INSTINCT, THE UNTUTORED. The idiosyneracies of children are too 6ewildering to be easily explained. For in- stance, how is it that a child will stretch out its little arms, or confidingly nestle up to the most unlikely-looking person? The obvious answer is because its instinct has recognised a child-lover. The story it; told that a lady was once much annoyed because her little girl would not make friends with a visitor whom the mother was particularly desirous of pleas- ing. It became quite understandable later, when the visitor exclaimed frankly, "I do detest children!" I'm sorry to disappoint you, mother"; said a girl, "but I will not marry him! I admit he is, as you argue, desirable in every way, but when his hand touches mine in greeting, something I cannot explain tells me that he is not the man to make me happy." The mother lived to rejoice at her daughter's decision. Another case:—"So you have engaged that girl in spite of what her late empler said of her?" asked the friend. "I have; my instinct made me trust her more than I did the lady." She proved my good help until her own marriage. And thus is that peculiar tradt called instinct exemplified.
TIPS WE MIGHT LEARN. I There can be little doubt but that we have yet much to learir from many of our Con- tinental neighbours. For instance, in many European houses the door-handles are not knobs, but levers. Thie makes them much easier to open, especially when the hands are full. In Munich post-offices there is a dial-scale for the use of the public, to weigh letters and parcels (which saves time), and an autom-atic arrangement for registering lettere. European windows, like old English win- dows, move in and out, not up and down. This quite does away with the bother of window-cords, and the windows give more air when open. They close quite tightly if properly fitted. In Bavaria there are several sorts of kindly little celebrations and other things which make life friendlier and more plea- sant. For instance, if an employee has remained in the same place for five, seven, ten years, etc., his employer frequently gives him a sort of little jubilee celebration. Nor did the employees forget the chief's birthday or "name-day." Nothing expensive a glass or two of wine, a cake, or some tuch little remembrance.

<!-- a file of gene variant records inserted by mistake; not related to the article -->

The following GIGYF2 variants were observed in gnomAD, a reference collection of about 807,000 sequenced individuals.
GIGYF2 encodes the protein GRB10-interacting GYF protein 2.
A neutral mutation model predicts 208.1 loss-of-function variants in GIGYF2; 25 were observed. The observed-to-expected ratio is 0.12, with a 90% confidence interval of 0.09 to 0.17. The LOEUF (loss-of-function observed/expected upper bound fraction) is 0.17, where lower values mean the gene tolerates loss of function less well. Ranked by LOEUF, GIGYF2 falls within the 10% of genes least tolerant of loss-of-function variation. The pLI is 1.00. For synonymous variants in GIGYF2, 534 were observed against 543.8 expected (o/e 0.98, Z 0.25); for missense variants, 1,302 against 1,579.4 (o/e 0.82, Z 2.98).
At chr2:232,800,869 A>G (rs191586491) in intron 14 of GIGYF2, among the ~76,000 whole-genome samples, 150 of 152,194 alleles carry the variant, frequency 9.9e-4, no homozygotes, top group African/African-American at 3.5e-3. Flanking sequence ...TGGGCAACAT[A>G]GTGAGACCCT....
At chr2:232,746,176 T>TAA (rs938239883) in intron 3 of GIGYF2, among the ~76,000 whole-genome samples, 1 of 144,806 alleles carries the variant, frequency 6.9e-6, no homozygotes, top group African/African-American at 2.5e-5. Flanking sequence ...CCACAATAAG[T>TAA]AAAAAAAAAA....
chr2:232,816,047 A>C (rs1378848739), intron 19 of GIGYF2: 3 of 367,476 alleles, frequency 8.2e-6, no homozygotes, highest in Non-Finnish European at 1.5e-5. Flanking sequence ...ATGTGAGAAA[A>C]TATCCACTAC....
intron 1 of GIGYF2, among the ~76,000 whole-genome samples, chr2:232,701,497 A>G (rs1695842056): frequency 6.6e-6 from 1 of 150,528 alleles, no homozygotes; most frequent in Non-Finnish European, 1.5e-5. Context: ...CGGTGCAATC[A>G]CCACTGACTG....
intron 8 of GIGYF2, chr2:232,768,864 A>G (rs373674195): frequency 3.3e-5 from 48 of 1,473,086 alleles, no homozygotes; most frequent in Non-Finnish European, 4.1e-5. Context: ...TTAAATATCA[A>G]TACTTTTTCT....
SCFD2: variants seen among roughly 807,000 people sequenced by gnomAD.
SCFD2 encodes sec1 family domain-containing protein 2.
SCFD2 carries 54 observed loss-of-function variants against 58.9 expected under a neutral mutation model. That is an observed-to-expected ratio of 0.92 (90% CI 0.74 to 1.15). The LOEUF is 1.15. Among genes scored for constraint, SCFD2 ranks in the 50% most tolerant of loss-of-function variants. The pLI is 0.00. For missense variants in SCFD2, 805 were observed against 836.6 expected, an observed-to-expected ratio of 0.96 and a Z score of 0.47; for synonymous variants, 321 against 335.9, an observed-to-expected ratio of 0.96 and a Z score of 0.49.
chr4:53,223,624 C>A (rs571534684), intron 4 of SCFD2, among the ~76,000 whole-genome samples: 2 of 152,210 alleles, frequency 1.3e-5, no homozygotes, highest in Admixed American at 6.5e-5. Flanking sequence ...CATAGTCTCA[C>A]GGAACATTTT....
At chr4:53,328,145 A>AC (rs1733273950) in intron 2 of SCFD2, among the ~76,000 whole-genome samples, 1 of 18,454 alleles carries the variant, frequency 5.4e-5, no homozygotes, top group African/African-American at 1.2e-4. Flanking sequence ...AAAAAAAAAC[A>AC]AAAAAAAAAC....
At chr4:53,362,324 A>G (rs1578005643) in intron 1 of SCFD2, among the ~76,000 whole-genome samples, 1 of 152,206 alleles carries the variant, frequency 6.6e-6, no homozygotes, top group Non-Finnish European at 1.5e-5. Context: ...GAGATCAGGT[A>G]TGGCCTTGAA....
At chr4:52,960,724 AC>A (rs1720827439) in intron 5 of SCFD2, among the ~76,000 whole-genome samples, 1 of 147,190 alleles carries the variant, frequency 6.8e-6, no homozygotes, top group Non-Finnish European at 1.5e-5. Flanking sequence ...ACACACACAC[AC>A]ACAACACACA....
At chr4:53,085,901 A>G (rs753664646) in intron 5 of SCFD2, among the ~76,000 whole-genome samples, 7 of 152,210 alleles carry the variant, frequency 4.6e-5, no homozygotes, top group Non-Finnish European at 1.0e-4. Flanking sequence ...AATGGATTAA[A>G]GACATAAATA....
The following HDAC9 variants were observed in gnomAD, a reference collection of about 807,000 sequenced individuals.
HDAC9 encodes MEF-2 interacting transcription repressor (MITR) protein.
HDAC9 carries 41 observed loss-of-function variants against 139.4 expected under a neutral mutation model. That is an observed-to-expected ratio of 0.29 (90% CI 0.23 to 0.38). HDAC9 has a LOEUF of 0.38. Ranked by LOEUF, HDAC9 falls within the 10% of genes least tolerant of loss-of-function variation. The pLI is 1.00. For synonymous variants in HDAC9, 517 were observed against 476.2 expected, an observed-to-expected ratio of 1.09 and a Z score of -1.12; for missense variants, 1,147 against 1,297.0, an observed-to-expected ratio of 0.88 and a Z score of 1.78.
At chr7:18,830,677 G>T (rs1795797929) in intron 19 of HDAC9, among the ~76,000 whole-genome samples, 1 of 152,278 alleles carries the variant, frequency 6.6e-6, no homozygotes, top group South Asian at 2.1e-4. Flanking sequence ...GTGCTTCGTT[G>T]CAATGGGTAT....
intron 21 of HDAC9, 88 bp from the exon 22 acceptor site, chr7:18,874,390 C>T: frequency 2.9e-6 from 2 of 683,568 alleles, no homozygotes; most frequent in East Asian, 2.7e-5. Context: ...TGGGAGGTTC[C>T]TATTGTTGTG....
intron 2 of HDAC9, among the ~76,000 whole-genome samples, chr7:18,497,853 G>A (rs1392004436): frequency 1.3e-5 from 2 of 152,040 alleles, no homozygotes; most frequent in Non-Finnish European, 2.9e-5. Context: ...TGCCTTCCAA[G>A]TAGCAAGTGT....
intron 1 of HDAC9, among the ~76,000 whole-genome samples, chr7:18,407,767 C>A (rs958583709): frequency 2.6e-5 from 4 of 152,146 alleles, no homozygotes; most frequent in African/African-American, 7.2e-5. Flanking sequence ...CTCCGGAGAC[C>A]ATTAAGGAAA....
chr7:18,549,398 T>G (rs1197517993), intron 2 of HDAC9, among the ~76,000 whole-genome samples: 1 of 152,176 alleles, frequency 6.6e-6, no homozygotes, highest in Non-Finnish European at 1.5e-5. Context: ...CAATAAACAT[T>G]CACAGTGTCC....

CHANCE INVENTIONS. I Many a chance shot, so to speak, has brought about a revolution in many things. As an example, we may recall that a. little rust on a soldier's rifle was, incidentally, the thing that led to the discovery of engra- ving called mezzotints. Prince Rupert one morning in 1643 observed a private rubbing rust from the barrel of his rifle, and imme- diately conceived the idea of engraving, Covering a plate of copper with little holes, he inked them in, and, laying the plate on paper, a black impression was produced. By scraping away parts of the surface, the paper remained white wherever there were no holes. Then, inventing a species of steel roller, covered with points, he used them against the copper plate, indenting it in the manner he wished, and thus produced any gradation of aha-pc desired. The invention of the ordinary balloon is said to have originated through Stephen Montgolfier noticing as the warm air rose under a shirt hanging before the fire it took the garment with it. Quite a simple inci- dent, which led to a remarkable invention.
M. Yenizelos has given a sitting at Rome to the eminent sculptor, Signor Rutelli, who is modelling a statue of the Greek Premier which his compatriots are erecting at Salonica. There are clergy in and near the city, eays the Vicar of Leeds, who do not get, and whose families do not get, enough to enable them to do their work efficiently.